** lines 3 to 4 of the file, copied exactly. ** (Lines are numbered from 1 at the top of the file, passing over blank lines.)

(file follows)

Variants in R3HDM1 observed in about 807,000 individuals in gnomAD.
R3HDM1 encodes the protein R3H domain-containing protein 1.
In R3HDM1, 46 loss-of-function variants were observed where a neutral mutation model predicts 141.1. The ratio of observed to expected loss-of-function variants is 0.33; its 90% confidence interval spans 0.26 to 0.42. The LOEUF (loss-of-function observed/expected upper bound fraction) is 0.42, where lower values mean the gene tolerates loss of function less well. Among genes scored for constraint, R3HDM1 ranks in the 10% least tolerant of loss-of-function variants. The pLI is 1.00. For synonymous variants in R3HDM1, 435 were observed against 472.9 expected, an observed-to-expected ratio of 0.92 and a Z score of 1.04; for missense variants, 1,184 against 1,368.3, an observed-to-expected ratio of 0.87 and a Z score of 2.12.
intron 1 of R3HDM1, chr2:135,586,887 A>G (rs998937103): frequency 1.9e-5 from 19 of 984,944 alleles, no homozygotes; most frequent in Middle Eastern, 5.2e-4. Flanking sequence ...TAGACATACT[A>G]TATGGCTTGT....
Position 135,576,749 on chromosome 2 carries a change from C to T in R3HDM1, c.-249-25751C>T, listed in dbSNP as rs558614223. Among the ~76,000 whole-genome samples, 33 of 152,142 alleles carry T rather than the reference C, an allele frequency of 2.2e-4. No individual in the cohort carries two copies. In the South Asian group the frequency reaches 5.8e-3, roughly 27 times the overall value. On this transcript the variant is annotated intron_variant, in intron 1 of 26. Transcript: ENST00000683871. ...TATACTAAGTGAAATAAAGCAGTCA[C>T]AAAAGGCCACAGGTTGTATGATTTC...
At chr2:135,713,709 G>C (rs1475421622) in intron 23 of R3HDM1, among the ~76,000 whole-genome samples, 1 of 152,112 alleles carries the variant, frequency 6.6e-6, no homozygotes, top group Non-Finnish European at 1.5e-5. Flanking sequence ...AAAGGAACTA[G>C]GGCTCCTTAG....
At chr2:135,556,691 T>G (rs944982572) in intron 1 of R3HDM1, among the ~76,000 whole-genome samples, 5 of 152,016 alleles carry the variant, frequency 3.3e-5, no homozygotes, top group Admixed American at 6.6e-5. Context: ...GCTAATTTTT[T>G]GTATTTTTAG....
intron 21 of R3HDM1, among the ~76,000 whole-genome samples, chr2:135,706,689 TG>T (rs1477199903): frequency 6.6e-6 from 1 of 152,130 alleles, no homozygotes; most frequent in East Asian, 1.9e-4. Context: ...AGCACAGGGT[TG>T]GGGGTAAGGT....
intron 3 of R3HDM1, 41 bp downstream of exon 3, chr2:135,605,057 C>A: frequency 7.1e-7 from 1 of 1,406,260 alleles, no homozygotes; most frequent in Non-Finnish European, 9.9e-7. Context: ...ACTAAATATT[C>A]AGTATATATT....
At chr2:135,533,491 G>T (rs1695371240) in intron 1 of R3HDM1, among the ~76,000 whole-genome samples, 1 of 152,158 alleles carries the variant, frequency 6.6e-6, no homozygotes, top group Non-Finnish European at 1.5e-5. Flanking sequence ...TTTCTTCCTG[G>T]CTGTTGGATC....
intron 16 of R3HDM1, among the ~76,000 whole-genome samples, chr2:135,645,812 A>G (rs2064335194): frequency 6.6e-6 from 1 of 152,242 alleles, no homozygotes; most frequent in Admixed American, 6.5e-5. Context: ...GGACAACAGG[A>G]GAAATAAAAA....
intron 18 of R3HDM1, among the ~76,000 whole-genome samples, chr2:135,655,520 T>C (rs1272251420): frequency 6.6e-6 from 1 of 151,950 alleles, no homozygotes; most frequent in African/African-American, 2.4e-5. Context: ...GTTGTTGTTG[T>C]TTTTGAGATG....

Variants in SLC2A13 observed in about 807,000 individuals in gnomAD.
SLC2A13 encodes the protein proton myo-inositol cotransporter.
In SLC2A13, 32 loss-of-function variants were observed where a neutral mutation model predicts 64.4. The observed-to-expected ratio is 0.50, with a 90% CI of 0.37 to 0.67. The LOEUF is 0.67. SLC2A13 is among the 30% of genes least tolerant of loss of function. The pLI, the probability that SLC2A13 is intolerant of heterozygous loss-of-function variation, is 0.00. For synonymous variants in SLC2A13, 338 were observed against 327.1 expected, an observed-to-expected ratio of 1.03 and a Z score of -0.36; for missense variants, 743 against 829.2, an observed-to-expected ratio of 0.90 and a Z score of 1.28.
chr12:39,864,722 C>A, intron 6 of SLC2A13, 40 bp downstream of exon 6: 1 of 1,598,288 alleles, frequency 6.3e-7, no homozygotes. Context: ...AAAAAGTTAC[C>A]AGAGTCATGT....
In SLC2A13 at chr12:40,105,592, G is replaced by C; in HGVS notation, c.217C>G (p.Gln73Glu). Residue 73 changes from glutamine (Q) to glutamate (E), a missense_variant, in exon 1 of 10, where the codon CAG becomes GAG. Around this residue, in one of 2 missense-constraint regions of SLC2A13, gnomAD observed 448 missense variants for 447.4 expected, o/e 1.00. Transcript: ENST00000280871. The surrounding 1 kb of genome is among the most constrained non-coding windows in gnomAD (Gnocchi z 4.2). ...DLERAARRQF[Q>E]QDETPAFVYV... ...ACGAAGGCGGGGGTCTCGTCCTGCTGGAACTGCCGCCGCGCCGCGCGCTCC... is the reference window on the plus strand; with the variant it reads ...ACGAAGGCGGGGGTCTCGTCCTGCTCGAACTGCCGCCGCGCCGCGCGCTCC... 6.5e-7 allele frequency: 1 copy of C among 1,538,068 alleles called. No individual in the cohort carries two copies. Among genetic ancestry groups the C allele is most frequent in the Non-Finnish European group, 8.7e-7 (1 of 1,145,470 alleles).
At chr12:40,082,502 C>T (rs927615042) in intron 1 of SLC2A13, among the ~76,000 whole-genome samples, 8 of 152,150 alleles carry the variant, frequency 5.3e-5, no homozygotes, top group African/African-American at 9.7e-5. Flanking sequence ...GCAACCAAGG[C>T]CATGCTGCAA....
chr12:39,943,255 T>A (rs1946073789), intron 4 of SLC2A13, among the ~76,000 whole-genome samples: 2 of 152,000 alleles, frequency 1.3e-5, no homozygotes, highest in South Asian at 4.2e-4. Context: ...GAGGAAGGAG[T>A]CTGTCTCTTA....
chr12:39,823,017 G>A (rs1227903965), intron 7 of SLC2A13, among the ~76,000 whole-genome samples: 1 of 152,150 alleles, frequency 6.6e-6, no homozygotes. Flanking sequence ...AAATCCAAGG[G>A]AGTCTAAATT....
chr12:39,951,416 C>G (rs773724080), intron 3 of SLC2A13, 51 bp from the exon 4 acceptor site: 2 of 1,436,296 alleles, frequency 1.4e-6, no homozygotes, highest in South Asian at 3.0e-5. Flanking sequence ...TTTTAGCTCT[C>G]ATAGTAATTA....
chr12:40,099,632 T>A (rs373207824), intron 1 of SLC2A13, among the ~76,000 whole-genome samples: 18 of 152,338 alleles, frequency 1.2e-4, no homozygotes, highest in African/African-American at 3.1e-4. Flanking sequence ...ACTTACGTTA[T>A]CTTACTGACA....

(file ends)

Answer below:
In R3HDM1, 46 loss-of-function variants were observed where a neutral mutation model predicts 141.1. The ratio of observed to expected loss-of-function variants is 0.33; its 90% confidence interval spans 0.26 to 0.42. The LOEUF (loss-of-function observed/expected upper bound fraction) is 0.42, where lower values mean the gene tolerates loss of function less well. Among genes scored for constraint, R3HDM1 ranks in the 10% least tolerant of loss-of-function variants. The pLI is 1.00. For synonymous variants in R3HDM1, 435 were observed against 472.9 expected, an observed-to-expected ratio of 0.92 and a Z score of 1.04; for missense variants, 1,184 against 1,368.3, an observed-to-expected ratio of 0.87 and a Z score of 2.12.
intron 1 of R3HDM1, chr2:135,586,887 A>G (rs998937103): frequency 1.9e-5 from 19 of 984,944 alleles, no homozygotes; most frequent in Middle Eastern, 5.2e-4. Flanking sequence ...TAGACATACT[A>G]TATGGCTTGT....